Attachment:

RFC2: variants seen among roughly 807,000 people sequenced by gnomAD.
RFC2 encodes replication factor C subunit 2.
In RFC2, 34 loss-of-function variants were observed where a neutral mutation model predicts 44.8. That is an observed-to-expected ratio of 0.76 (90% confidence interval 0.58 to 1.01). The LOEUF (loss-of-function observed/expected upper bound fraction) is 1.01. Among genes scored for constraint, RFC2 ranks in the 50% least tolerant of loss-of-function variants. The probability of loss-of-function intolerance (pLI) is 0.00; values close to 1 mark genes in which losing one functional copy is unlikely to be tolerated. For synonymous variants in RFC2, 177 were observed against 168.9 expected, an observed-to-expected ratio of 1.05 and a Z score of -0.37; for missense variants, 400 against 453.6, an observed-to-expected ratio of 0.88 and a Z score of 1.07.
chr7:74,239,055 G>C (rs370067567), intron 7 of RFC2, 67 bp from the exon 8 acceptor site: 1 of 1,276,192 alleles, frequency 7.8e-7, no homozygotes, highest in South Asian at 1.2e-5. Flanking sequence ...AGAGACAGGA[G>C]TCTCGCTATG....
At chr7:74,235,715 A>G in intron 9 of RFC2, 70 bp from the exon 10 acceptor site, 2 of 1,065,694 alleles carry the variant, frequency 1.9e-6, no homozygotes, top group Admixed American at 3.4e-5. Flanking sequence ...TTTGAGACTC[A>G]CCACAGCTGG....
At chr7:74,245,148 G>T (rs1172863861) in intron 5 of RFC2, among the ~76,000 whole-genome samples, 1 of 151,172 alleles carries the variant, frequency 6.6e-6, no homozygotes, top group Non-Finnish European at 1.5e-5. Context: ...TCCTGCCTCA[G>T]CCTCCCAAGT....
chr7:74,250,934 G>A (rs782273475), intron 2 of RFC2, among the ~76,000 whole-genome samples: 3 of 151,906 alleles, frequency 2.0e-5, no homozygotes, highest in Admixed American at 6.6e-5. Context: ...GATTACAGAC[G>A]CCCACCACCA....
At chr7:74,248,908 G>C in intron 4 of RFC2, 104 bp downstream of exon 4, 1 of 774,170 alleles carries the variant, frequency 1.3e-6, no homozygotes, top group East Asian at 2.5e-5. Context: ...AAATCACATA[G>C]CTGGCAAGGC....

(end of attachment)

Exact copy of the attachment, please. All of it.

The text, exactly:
RFC2: variants seen among roughly 807,000 people sequenced by gnomAD.
RFC2 encodes replication factor C subunit 2.
In RFC2, 34 loss-of-function variants were observed where a neutral mutation model predicts 44.8. That is an observed-to-expected ratio of 0.76 (90% confidence interval 0.58 to 1.01). The LOEUF (loss-of-function observed/expected upper bound fraction) is 1.01. Among genes scored for constraint, RFC2 ranks in the 50% least tolerant of loss-of-function variants. The probability of loss-of-function intolerance (pLI) is 0.00; values close to 1 mark genes in which losing one functional copy is unlikely to be tolerated. For synonymous variants in RFC2, 177 were observed against 168.9 expected, an observed-to-expected ratio of 1.05 and a Z score of -0.37; for missense variants, 400 against 453.6, an observed-to-expected ratio of 0.88 and a Z score of 1.07.
chr7:74,239,055 G>C (rs370067567), intron 7 of RFC2, 67 bp from the exon 8 acceptor site: 1 of 1,276,192 alleles, frequency 7.8e-7, no homozygotes, highest in South Asian at 1.2e-5. Flanking sequence ...AGAGACAGGA[G>C]TCTCGCTATG....
At chr7:74,235,715 A>G in intron 9 of RFC2, 70 bp from the exon 10 acceptor site, 2 of 1,065,694 alleles carry the variant, frequency 1.9e-6, no homozygotes, top group Admixed American at 3.4e-5. Flanking sequence ...TTTGAGACTC[A>G]CCACAGCTGG....
At chr7:74,245,148 G>T (rs1172863861) in intron 5 of RFC2, among the ~76,000 whole-genome samples, 1 of 151,172 alleles carries the variant, frequency 6.6e-6, no homozygotes, top group Non-Finnish European at 1.5e-5. Context: ...TCCTGCCTCA[G>T]CCTCCCAAGT....
chr7:74,250,934 G>A (rs782273475), intron 2 of RFC2, among the ~76,000 whole-genome samples: 3 of 151,906 alleles, frequency 2.0e-5, no homozygotes, highest in Admixed American at 6.6e-5. Context: ...GATTACAGAC[G>A]CCCACCACCA....
At chr7:74,248,908 G>C in intron 4 of RFC2, 104 bp downstream of exon 4, 1 of 774,170 alleles carries the variant, frequency 1.3e-6, no homozygotes, top group East Asian at 2.5e-5. Context: ...AAATCACATA[G>C]CTGGCAAGGC....